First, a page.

My pastor for the past 20 years retired last fall. As his final months and weeks in the pulpit approached, he opened his extensive library to many in the congregation to peruse. I happily took advantage of the opportunity.
One of the handful of books I took off his hands was a very small, very tattered pocket volume titled Religion in the Home. It was simply a printed copy of an old sermon given to the General Assembly of the Presbyterian Church in the United States — in 1909. But I have found much of it profound in the months since.
It’s startling in many ways — yet not in some ways — how similar the struggle of Christian living was in early 20th century America as it is today. Some truths and some battles are timeless. I hope to share some excerpts from this sermon going forward.
The particular passage below struck me as worth sharing first, so I’m presenting it below unedited and without extra commentary. It speaks for itself. May it be an encouragement and a challenge to parents and ministry leaders.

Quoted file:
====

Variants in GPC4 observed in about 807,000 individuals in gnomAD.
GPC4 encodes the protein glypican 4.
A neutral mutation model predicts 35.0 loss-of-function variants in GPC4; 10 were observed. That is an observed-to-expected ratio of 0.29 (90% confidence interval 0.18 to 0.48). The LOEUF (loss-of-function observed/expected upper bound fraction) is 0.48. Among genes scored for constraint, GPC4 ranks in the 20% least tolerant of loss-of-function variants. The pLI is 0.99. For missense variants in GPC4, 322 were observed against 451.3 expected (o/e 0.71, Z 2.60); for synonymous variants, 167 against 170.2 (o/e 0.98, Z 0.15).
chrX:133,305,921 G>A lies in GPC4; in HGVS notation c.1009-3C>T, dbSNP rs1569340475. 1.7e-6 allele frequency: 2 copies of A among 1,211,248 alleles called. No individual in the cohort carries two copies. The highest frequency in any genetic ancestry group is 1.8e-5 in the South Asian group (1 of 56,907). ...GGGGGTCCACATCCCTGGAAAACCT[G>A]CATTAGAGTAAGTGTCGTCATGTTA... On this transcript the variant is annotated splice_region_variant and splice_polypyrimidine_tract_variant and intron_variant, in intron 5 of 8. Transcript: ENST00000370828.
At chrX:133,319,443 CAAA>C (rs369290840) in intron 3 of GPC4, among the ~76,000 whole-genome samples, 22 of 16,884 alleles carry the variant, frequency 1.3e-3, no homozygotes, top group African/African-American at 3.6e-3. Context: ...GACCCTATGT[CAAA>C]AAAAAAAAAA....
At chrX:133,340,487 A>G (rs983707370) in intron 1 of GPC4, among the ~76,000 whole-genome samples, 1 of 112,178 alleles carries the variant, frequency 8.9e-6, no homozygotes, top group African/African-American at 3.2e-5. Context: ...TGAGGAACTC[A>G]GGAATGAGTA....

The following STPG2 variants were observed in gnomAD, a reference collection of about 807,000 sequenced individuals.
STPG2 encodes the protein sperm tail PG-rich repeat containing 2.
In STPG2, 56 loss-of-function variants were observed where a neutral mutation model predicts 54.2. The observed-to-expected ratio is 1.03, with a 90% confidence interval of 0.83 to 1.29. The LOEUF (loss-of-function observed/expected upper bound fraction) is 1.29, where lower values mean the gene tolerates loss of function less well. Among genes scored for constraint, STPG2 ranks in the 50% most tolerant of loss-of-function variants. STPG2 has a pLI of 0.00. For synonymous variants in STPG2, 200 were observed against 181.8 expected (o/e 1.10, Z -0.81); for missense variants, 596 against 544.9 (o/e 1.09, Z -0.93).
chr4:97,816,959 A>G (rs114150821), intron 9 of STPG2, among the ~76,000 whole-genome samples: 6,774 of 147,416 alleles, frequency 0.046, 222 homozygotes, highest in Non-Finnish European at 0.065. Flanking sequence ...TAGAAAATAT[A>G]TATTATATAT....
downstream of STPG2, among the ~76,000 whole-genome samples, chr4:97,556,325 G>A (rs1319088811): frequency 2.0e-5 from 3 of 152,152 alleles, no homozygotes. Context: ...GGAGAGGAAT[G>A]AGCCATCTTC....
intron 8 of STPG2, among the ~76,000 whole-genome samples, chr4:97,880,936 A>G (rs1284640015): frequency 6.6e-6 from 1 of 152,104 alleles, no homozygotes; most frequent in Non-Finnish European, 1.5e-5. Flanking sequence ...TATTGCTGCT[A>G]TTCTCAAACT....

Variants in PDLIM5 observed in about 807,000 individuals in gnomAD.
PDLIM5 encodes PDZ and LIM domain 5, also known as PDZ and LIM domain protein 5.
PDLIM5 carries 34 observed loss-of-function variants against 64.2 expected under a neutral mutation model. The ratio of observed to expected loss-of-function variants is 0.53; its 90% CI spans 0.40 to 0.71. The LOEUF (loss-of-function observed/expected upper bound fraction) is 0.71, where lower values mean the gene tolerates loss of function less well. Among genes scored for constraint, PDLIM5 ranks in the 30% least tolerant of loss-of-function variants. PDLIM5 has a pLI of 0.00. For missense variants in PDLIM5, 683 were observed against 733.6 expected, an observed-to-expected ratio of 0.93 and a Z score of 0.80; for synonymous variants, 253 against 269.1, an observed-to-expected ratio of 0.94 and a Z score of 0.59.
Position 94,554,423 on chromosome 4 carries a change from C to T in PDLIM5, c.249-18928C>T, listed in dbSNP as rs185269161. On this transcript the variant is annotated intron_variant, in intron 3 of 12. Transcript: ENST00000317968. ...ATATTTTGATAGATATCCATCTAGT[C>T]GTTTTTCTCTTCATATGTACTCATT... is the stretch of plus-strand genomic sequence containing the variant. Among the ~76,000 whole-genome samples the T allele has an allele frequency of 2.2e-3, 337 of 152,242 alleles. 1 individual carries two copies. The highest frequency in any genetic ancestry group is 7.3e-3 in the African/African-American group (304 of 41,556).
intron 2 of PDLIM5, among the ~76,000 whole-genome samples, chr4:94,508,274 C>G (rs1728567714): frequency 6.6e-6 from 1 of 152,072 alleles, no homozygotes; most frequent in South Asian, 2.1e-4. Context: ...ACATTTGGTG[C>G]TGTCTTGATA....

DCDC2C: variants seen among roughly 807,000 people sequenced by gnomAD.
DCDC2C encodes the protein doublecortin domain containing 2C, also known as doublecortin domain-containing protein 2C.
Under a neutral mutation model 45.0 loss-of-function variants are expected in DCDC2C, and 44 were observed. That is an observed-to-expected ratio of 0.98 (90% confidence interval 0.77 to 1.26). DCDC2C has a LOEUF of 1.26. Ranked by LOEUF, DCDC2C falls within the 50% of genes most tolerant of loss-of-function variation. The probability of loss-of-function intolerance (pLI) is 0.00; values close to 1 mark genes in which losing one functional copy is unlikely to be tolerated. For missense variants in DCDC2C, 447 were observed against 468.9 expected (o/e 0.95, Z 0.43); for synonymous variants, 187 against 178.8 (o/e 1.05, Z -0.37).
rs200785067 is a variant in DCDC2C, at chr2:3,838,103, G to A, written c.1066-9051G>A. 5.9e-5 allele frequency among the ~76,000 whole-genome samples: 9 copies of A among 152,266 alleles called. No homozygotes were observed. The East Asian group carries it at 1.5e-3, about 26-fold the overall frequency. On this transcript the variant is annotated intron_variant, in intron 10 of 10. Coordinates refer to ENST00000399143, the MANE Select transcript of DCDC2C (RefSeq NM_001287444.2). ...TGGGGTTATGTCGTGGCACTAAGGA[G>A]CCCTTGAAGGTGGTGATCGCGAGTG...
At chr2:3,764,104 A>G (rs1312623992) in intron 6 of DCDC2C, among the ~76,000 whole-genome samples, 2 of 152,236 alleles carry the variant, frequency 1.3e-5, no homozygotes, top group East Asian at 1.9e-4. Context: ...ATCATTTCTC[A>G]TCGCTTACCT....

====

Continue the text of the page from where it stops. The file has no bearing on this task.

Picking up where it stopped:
“While parents have little control over heredity, they have immense control over environment, the other main force in the making of our children; and when it is asked how parents can meet the tremendous responsibility resting upon them — how they can effectually teach the character-making and soul-saving Word of God to their children, as Moses here enjoins — the answer is, first, by the creation of a right environment, a religious atmosphere in the home. Modern conditions have made this far more difficult to do than it used to be. When apartment houses are taking the place of homes, when the feverish rush of business prevents anything like a leisurely breakfast, and is still more fatal to anything like family worship, when the two great ends of life seem to be money and pleasure, when husbands and wives are never so happy as when at the club, the bridge party, or the theatre, and never so bored as when forced to stay at home — the difficulty of creating a wholesome moral atmosphere for children to grow up in is obviously very much increased. Yet the creation of such an atmosphere is an absolute necessity. Without it Christianity can not win out. The Christian home is the hope of the world.” – Walter W. Moore, 1909.